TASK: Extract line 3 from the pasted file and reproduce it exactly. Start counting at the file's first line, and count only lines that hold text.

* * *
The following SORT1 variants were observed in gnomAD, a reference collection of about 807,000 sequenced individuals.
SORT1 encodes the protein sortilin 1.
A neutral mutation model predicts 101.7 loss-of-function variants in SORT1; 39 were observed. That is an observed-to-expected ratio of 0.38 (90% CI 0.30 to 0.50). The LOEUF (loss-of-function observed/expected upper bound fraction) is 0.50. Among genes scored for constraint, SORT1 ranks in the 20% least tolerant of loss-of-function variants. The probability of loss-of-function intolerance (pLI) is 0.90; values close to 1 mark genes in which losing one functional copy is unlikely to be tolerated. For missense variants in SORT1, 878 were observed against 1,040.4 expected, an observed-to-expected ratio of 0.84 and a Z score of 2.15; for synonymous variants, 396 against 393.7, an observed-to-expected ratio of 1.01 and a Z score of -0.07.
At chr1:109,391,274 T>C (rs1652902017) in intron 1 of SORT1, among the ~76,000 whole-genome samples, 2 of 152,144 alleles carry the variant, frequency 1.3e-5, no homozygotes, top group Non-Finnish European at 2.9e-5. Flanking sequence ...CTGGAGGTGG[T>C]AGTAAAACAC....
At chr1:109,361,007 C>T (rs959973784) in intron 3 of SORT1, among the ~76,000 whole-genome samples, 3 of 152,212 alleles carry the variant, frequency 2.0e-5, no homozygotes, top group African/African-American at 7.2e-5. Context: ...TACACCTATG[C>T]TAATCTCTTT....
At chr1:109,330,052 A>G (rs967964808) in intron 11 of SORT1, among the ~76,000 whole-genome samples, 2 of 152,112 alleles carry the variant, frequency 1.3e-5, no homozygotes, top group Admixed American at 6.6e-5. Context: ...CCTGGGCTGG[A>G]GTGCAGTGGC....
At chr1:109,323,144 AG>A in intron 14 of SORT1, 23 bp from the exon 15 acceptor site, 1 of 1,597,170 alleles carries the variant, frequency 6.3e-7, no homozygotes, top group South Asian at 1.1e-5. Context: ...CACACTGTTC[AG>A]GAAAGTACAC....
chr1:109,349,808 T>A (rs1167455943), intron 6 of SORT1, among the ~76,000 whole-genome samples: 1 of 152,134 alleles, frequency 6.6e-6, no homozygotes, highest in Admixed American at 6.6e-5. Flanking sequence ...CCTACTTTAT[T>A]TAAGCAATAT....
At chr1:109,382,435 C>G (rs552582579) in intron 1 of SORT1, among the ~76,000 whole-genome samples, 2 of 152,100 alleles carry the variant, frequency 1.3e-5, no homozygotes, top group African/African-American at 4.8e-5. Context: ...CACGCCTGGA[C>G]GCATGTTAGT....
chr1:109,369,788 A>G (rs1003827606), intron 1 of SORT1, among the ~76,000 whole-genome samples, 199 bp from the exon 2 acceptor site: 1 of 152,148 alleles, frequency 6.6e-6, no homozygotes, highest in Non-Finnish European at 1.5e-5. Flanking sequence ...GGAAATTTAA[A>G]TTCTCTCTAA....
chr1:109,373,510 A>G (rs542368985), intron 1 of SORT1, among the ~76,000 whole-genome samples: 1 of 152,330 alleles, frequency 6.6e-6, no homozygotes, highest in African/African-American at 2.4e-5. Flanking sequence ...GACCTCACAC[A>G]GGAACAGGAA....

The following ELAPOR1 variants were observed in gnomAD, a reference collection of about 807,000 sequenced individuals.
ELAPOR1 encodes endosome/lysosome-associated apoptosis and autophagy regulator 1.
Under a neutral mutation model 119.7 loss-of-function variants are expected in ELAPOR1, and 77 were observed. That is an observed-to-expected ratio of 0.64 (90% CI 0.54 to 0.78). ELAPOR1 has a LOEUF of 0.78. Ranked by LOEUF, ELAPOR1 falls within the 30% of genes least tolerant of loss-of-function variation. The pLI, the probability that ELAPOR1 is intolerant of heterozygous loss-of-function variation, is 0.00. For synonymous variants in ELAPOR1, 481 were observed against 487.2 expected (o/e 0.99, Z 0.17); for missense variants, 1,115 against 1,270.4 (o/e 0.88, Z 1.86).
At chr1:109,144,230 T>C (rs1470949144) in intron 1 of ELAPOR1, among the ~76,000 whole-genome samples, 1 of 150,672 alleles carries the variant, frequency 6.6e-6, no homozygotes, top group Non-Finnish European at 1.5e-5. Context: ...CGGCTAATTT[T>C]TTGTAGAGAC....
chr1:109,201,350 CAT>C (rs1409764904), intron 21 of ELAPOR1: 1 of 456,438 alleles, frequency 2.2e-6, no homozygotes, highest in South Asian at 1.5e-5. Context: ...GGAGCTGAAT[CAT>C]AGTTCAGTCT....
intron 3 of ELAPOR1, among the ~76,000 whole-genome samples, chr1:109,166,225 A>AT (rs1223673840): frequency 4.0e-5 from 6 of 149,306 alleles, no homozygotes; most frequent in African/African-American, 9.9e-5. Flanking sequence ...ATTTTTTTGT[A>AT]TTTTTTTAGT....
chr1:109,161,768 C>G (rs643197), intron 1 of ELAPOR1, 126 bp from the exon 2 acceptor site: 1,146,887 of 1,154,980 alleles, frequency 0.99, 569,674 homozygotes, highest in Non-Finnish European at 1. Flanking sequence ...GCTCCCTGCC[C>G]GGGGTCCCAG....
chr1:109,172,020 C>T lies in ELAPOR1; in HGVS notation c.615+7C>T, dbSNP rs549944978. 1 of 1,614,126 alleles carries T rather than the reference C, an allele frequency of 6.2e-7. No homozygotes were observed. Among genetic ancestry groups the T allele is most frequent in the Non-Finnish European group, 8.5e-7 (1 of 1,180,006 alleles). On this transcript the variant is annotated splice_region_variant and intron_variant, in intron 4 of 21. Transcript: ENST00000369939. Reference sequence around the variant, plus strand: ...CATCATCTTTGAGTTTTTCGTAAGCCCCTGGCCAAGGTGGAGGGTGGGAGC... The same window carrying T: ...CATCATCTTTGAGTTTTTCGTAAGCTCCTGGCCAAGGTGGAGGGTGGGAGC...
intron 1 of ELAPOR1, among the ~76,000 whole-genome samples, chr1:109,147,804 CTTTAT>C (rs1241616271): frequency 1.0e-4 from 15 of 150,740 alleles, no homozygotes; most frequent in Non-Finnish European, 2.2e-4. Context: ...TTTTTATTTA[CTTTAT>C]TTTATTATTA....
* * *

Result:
A neutral mutation model predicts 101.7 loss-of-function variants in SORT1; 39 were observed. That is an observed-to-expected ratio of 0.38 (90% CI 0.30 to 0.50). The LOEUF (loss-of-function observed/expected upper bound fraction) is 0.50. Among genes scored for constraint, SORT1 ranks in the 20% least tolerant of loss-of-function variants. The probability of loss-of-function intolerance (pLI) is 0.90; values close to 1 mark genes in which losing one functional copy is unlikely to be tolerated. For missense variants in SORT1, 878 were observed against 1,040.4 expected, an observed-to-expected ratio of 0.84 and a Z score of 2.15; for synonymous variants, 396 against 393.7, an observed-to-expected ratio of 1.01 and a Z score of -0.07.